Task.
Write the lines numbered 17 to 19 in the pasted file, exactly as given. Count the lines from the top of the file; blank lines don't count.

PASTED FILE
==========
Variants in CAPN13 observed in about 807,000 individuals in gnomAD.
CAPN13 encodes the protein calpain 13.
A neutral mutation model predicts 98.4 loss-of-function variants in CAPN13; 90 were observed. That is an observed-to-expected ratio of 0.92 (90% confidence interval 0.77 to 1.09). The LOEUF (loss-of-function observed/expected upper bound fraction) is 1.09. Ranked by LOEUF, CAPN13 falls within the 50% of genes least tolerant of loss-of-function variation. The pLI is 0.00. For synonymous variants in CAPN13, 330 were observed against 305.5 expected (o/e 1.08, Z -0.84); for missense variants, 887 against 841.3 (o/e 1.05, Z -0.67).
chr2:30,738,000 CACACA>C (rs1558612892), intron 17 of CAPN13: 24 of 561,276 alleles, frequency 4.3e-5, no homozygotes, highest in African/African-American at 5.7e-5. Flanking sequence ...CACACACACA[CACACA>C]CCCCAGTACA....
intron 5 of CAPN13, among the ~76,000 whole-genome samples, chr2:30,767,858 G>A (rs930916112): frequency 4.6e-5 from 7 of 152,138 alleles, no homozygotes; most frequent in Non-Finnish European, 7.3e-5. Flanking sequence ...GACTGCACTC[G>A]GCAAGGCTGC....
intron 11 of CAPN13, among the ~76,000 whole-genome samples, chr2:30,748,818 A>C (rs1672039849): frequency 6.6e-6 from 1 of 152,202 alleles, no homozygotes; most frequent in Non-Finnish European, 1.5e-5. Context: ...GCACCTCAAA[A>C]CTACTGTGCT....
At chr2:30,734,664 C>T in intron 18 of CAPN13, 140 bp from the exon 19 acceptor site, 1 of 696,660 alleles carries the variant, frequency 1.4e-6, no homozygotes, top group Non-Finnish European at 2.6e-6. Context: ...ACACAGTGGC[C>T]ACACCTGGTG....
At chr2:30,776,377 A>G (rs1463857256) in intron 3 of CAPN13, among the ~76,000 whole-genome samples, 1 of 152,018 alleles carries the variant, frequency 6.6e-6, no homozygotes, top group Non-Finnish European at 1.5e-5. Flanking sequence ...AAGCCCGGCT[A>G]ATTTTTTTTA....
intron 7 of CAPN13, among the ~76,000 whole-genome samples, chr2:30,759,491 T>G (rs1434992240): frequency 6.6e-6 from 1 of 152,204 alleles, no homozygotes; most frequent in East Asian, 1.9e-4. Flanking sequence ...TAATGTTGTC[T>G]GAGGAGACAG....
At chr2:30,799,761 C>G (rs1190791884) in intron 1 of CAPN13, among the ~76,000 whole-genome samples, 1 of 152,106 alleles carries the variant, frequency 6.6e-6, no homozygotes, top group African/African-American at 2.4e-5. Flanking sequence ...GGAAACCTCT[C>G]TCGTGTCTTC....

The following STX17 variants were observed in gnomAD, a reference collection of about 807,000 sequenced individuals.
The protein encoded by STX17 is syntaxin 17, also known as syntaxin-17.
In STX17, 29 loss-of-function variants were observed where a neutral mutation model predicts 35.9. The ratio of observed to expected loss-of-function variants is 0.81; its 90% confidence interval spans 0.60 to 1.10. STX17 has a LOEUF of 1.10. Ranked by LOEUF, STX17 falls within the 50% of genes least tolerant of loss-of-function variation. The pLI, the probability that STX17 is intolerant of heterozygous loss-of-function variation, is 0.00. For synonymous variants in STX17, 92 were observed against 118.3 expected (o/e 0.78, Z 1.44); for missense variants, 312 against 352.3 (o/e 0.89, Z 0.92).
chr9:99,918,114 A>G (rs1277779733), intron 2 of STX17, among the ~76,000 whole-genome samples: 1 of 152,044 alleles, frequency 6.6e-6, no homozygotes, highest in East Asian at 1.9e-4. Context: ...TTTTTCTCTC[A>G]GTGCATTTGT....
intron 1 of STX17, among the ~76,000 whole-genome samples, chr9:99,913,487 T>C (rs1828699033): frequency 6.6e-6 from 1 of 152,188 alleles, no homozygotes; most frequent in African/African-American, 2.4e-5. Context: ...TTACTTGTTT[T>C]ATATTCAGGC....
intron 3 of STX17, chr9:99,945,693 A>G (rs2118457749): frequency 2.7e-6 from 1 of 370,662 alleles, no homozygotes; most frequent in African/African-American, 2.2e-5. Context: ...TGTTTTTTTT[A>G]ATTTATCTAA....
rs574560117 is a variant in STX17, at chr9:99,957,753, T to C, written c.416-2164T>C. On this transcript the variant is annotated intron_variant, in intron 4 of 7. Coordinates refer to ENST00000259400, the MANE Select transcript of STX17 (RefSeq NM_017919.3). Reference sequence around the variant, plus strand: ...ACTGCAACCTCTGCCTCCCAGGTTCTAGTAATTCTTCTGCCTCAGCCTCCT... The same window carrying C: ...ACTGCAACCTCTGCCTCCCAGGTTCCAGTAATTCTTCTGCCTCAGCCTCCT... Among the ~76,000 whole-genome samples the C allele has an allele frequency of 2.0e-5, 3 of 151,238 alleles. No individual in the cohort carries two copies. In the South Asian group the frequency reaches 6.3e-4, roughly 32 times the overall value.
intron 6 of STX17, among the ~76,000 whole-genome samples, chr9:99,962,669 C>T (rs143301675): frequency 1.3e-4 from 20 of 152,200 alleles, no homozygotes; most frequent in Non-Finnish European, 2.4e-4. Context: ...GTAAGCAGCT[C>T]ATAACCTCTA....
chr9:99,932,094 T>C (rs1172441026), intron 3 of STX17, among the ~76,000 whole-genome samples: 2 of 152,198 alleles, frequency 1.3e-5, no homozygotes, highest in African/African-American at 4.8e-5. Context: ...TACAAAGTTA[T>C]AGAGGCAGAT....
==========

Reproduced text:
rs574560117 is a variant in STX17, at chr9:99,957,753, T to C, written c.416-2164T>C. On this transcript the variant is annotated intron_variant, in intron 4 of 7. Coordinates refer to ENST00000259400, the MANE Select transcript of STX17 (RefSeq NM_017919.3). Reference sequence around the variant, plus strand: ...ACTGCAACCTCTGCCTCCCAGGTTCTAGTAATTCTTCTGCCTCAGCCTCCT... The same window carrying C: ...ACTGCAACCTCTGCCTCCCAGGTTCCAGTAATTCTTCTGCCTCAGCCTCCT... Among the ~76,000 whole-genome samples the C allele has an allele frequency of 2.0e-5, 3 of 151,238 alleles. No individual in the cohort carries two copies. In the South Asian group the frequency reaches 6.3e-4, roughly 32 times the overall value.
intron 6 of STX17, among the ~76,000 whole-genome samples, chr9:99,962,669 C>T (rs143301675): frequency 1.3e-4 from 20 of 152,200 alleles, no homozygotes; most frequent in Non-Finnish European, 2.4e-4. Context: ...GTAAGCAGCT[C>T]ATAACCTCTA....
chr9:99,932,094 T>C (rs1172441026), intron 3 of STX17, among the ~76,000 whole-genome samples: 2 of 152,198 alleles, frequency 1.3e-5, no homozygotes, highest in African/African-American at 4.8e-5. Context: ...TACAAAGTTA[T>C]AGAGGCAGAT....